National Cross Country Championships 2003


The 43nd Boys and 35th Girls ESAA National Cross Country Championship is to take place at
Stanmer Park, Brighton and Hove, Sussex
on Saturday 8th March 2003
sponsored by

London Marathon

supported by
Brighton & Hove City Council

how to get there visit Brighton and Hove where else to stay in the area University of Sussex website



Spectator vehicles will be directed to car parks shown P. Official's car park is shown O. There is no parking allowed anywhere else on the campus.

Cars are not permitted into Stanmer Park.

Competitor changing facilities will be provided in the 'tented village' area designated for Marquees, Catering, and Toilets. There will be no access to any University building, except to the sports centre for the presentations at 4.40pm.


Pre-Race Timetable

9.00amChampionship site open
9.30amChampionship course open for inspection
10.00amDeclarations open
11.00amOfficials Meeting
12.30amDeclarations close and course must be cleared

Timetable of Events

The ESAA are this year also hosting the Senior 4K World Championships trials.
12.35pmSenior Men 4K World Championship Trial2 medium laps4000m
1.00pmIntermediate Girls Championship1 small, 1 large lap3500m
1.25pmIntermediate Boys Championship1 small, 1 medium, 1 large lap5500m
1.55pmJunior Girls Championship1 small, 1 medium lap3000m
2.20pmSenior Women 4K World Championship Trial2 medium laps4000m
2.45pmJunior Boys Championship2 medium laps4000m
3.10pmSenior Girls Championship2 medium laps4000m
3.40pmSenior Boys Championship1 medium, 2 large laps6900m
4.40pmTrophy Presentations2 medium laps4000m

A Very Brief History of Stanmer

Origins

Stanmer means "Stony Pond". The stones found around Stanmer church pond and elsewhere are Sarsen stones, naturally occurring geological features particularly common on this area of the downs (adjacent Standean is the "Stony Valley"). A settlement was first recorded at Stanmer in a Saxon charter of 765AD and though there is archaeological evidence of human occupation going back much earlier it is not known whether the "estate" of Stanmer existed before this. Stanmer is also recorded in the Doomsday records of 1086.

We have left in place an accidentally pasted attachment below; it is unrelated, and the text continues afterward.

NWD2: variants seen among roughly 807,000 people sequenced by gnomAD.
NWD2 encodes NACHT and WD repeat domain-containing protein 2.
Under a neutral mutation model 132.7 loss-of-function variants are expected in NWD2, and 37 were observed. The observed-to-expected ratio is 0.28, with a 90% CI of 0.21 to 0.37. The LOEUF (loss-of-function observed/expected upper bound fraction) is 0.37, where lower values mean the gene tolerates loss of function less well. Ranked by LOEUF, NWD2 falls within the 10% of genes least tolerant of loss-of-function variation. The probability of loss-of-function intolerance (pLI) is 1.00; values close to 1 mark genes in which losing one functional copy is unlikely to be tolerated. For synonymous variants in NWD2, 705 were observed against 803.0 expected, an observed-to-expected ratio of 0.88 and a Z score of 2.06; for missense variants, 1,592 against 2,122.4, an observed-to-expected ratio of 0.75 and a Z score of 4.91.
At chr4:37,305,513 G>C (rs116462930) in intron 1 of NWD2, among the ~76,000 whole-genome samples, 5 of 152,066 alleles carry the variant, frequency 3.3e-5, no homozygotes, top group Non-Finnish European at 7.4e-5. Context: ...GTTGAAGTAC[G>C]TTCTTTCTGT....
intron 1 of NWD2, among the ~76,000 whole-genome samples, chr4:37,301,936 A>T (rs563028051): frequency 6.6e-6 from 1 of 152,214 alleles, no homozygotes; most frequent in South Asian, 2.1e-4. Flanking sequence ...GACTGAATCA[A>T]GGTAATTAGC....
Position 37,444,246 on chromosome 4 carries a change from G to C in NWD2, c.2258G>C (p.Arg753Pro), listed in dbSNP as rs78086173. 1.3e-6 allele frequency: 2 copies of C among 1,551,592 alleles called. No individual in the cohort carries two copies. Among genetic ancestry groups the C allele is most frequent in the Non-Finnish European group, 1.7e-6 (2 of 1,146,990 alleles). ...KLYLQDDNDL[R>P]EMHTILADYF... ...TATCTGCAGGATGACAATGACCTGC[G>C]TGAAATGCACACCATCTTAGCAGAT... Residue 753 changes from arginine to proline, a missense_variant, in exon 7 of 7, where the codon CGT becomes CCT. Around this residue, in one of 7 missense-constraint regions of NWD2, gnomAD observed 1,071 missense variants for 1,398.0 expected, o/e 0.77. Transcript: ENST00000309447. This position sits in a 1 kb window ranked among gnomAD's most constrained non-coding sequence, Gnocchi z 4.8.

16th Century

Prior to the dissolution of the Monasteries the Cannons of Malling owned the Stanmer estate. It then passed into the ownership of the crown but was leased out almost immediately to Thomas Palmer in 1545 who sub-let it to John Michelborne

17th Century

The Michelborne family continued to lease the estate until 1615 when they bought it. They then proceeded to consolidate their landholding by buying out the villagers who held land directly from the crown as freeholders and copyholders. The cedars behind the current house were planted during this phase but no other woodland was recorded in a deed of 1700 only "furze and heath". Indeed Samuel Johnson (1709-84) detested Brighthelmstone Downs [Brighton], "because it was a country so truly desolate (he said), that if one had a mind to hang one's self for desperation at being obliged to live there, it would be difficult to find a tree on which to fasten the rope."

18th Century

The last remaining Michelborne died in 1700 without an heir, and the estate eventually passed into the hands of the Pelhams, who were to become the Earls of Chichester. The Pelhams were responsible for laying out the current park and building the house (in 1722 by Nicolas Dubois). The woods were planted in the mid 18th century by the then owner Thomas Pelham and marked the culmination of the enparkment of the estate (Warne1989).

By the time the earliest known detailed map was drawn in 1789 (see right) the estate looked much as it does today.

19th Century

The orangery behind the house was built in the 19th century and is a forerunner of the modern greenhouse. Also the church was rebuilt in 1838.

20th Century

During the second world war Canadian troops and their tanks were based at Stanmer, the hard standings for which are still visible along the main drive. In 1947 the estate was purchased by Brighton Corporation and changed from a private keepered estate to an open public park.